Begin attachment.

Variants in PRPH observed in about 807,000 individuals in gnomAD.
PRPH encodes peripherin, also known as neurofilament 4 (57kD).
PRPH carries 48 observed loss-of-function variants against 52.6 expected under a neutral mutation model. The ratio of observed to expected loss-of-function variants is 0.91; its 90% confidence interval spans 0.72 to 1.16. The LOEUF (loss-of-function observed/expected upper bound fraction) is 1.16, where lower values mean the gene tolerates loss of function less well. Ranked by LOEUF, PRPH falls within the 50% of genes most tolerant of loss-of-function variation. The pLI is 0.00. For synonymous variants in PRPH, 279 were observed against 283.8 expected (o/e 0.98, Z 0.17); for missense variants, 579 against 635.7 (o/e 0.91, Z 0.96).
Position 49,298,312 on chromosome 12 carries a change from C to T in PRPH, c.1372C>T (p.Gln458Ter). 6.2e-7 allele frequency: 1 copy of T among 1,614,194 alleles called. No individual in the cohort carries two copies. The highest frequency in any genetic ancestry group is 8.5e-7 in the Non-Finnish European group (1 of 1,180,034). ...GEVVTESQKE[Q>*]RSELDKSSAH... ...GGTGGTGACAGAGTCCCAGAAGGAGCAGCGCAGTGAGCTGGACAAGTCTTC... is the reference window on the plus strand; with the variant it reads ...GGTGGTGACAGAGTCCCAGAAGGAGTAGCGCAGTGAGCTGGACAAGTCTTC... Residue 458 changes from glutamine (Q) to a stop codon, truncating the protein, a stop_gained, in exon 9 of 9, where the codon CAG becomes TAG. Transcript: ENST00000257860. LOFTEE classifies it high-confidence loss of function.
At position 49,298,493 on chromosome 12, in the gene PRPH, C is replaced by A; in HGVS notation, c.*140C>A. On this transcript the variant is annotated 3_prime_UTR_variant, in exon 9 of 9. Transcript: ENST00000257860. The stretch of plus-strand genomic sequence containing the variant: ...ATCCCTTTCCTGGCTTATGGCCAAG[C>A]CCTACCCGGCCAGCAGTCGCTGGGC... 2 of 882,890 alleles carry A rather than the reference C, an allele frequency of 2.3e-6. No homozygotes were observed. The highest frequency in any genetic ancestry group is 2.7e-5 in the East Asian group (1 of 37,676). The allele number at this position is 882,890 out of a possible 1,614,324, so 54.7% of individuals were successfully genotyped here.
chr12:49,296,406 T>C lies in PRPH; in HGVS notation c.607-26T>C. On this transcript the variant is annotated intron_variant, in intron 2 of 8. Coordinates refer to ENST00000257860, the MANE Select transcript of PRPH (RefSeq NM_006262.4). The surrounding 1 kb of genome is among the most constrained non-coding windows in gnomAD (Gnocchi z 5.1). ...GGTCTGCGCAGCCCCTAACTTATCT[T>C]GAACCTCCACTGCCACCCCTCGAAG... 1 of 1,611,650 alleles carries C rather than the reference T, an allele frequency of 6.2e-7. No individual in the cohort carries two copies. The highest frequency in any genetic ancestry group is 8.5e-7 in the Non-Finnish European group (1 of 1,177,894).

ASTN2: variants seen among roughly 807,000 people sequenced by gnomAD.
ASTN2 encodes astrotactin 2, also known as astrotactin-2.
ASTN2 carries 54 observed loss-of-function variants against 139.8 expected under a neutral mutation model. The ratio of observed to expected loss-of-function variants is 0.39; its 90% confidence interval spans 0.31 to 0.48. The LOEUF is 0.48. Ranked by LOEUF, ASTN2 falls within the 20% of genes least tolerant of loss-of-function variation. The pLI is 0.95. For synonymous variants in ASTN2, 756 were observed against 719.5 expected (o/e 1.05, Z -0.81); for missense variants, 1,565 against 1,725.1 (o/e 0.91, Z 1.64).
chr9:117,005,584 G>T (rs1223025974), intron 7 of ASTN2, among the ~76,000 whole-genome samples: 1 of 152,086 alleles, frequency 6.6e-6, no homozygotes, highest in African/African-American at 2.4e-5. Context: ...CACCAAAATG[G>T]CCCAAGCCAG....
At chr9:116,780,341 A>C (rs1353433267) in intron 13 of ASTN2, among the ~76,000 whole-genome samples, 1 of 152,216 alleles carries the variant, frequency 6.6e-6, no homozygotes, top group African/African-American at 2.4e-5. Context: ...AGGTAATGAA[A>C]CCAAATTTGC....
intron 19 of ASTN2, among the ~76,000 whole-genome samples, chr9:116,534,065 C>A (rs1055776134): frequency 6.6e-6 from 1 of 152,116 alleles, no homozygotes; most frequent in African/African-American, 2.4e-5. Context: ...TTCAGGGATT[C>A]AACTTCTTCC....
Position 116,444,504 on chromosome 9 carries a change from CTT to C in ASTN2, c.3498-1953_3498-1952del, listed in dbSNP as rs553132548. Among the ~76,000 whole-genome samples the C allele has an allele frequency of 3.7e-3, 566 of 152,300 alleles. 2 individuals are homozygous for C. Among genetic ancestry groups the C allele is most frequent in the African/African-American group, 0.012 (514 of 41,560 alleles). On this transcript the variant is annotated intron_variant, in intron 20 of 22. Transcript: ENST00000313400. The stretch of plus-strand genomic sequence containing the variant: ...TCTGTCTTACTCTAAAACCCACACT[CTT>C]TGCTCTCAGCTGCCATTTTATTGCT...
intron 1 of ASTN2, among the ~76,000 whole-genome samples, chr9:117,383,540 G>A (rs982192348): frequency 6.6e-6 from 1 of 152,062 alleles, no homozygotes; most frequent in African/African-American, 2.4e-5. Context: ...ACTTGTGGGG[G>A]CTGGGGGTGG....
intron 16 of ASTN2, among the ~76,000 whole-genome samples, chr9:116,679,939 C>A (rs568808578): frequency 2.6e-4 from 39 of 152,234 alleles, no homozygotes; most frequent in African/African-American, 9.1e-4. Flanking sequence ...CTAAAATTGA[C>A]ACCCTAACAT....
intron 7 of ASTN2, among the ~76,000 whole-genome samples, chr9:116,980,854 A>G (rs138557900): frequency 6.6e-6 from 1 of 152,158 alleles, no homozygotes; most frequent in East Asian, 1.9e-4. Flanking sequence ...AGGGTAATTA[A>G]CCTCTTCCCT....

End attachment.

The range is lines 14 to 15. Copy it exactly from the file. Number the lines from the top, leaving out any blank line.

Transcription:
intron 1 of ASTN2, among the ~76,000 whole-genome samples, chr9:117,383,540 G>A (rs982192348): frequency 6.6e-6 from 1 of 152,062 alleles, no homozygotes; most frequent in African/African-American, 2.4e-5. Context: ...ACTTGTGGGG[G>A]CTGGGGGTGG....
intron 16 of ASTN2, among the ~76,000 whole-genome samples, chr9:116,679,939 C>A (rs568808578): frequency 2.6e-4 from 39 of 152,234 alleles, no homozygotes; most frequent in African/African-American, 9.1e-4. Flanking sequence ...CTAAAATTGA[C>A]ACCCTAACAT....